Palestinian civil society organisations celebrated this week the successful results of the investigative committee that looked into the events of March 12 outside the court complex in Al Bireh.
The investing committee was headed by a representative of the Independent Palestinian Commission for civil rights, included a member of the Palestinian Bar Association and a member of the ministry of interior.
In its detailed report, the committee criticised the role of the Palestinian police in putting down a non-violent demonstration by fellow Palestinians.
Demonstrators were protesting the continuation of a trial against Basel Al Araj and his comrades even though Araj was killed by Israeli soldiers in his home in areas under the control of the Palestinian security.
The committee, established by Prime Minister Rami Hamdallah, produced a detailed report with clear recommendations that reflected accurately what happened and pointed out the Palestinian security forces clear violation of the standing orders regarding when force can be used against demonstrators and journalists.
It recommended disciplinary action against a number of police officers and called for a serious review of the decision making process of the Palestinian security’s anti-riot department.
The establishment of such a committee, the speed of its report and the seriousness of its recommendations caught many off guard, as usually such committees were often created to bury problems rather than confront them.
The report of the investigative committee points to a much more important signal: the role of Palestinian civil society, which was very powerful in the years before the creation of the Palestinian Authority, is witnessing a sort of come back.
As the Palestinian government’s powers wane, the role of non-governmental organisations has risen significantly in the past few years.
Decades of struggle against the Israeli occupiers have been instrumental to the struggle from within.
Human rights organisations proved that proper documentation of human rights violations and successful advocacy campaigns can be used against any violators, be they Palestinian police or Israeli security personnel.
This relative success of the Palestinian civil society, however, is not matched in many Arab countries.
As internal violence increases and autocratic regimes strengthen their central powers, civil society organisations and the press are among the first casualties.
Centralised powers are not interested in a vibrant civil society or a professional journalistic tradition.
We have seen consistent and continuous attacks against civil society and independent journalists in Egypt and Turkey, as well as in oil-rich countries.
The situation of civil society and the press in Jordan is not as bad as in other countries, but some negative trends can be seen here and there.
An effort to demonise civil society is sometimes given government blessing; that appears in public statements and in actions against basic rights like the freedom to assemble or hold meetings without the need for a prior licence.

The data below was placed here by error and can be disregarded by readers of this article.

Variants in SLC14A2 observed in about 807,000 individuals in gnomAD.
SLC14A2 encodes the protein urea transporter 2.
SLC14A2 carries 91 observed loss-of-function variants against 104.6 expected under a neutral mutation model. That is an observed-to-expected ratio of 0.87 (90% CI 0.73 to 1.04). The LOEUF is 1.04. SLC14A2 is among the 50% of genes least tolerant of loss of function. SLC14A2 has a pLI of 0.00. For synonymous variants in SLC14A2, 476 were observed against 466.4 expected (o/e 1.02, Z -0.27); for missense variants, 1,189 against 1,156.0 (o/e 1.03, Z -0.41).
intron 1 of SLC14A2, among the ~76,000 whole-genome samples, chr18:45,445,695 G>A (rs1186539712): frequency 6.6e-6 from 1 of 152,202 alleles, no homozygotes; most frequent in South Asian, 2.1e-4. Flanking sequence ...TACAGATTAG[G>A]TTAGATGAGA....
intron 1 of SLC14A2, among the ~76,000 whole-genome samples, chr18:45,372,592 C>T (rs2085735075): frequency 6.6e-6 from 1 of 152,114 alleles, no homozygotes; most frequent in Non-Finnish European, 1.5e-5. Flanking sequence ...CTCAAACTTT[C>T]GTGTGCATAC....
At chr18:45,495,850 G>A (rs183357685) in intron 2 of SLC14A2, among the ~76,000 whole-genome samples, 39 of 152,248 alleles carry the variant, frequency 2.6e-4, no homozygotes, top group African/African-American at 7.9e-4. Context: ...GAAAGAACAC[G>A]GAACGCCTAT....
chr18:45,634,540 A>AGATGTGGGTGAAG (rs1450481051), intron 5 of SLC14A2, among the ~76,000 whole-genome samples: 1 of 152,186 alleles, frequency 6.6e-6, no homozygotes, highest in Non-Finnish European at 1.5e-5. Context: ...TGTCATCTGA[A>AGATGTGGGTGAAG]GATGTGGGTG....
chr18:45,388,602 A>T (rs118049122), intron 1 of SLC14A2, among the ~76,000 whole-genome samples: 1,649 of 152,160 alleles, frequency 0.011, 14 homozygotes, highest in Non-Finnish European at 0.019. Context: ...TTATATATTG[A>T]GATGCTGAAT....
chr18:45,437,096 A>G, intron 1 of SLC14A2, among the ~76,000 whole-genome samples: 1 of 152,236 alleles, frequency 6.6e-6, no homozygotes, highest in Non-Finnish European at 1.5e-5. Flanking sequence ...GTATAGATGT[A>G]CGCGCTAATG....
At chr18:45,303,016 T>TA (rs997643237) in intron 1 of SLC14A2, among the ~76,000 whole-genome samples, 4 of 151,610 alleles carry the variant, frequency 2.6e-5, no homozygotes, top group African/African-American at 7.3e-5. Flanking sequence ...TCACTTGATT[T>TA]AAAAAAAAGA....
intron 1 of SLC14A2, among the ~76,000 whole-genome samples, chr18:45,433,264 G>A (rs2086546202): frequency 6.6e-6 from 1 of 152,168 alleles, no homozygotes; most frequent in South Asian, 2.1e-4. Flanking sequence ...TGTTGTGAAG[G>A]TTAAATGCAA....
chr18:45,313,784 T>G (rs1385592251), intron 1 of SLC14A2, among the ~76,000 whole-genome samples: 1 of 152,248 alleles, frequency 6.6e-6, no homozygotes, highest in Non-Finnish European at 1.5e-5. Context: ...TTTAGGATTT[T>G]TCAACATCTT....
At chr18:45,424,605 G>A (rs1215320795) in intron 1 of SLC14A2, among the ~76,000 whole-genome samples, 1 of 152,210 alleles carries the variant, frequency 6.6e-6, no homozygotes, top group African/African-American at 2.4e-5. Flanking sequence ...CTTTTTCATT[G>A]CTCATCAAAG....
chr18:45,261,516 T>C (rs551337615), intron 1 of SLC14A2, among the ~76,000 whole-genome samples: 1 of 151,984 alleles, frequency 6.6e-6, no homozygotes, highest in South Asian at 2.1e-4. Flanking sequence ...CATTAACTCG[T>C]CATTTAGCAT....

This is also evident in how different ministries, officials and public bodies react to civil society and the press. At the very same time that some ministries are working hand in hand with civil society organisations, others appear to work to undermine it.
No clear guidelines are given by the prime ministry in this regard.
The Jordanian parliament also goes through this love-hate relationship with civil society.
Despite welcoming the work of NGOs that are monitoring the workings of the parliament, the secretariat of the Jordanian legislature lashes out at the very same organisations it signed a memorandum of understanding with.
Last week, the parliament issued a strong attack against Al Hayyat centre’s Rased programme, which had documented cases of travel of Jordanian MPs and laid out, in numbers, which parliamentary factions received most invitations to travel, the cost of travel and the fact that travelling MPs never issued reports informing their colleagues and the public of their official visits.
The monitoring report was not only attacked by parliamentarians, but MPs spoke on television attacking both the report and the role of civil society organisations in Jordan.
Accumulated international experience has shown that the democratic health of any country can easily be measured by the role it allows civil society and the press to play.
Countries that allow civil society to work freely experience much better results in areas of good governance.
International rankings regarding a country’s freedom give high marks to countries with vibrant civil society and a free press.
The Arab League, which held its 28th summit in Jordan last week, pays little attention to the role of civil society organisations and international laws and treaties that even its members states are signatories to.
Jordan and the Arab League, as well as most Jordanian NGOs, for example, failed to publicly raise the issue of the presence at the summit of an Arab leader wanted by the International Criminal Court.
Such disregard for international law tends to weaken the public’s trust in that one day it can see in the Arab world genuine democracies with vibrant civil societies and a genuinely free and independent press.
Much work is needed on all sides. Civil societies and the press must do a better job at convincing the public of their professionalism, and the government must clearly state where it stands and honour its public commitments to civil society.
The results would benefit the entire nation.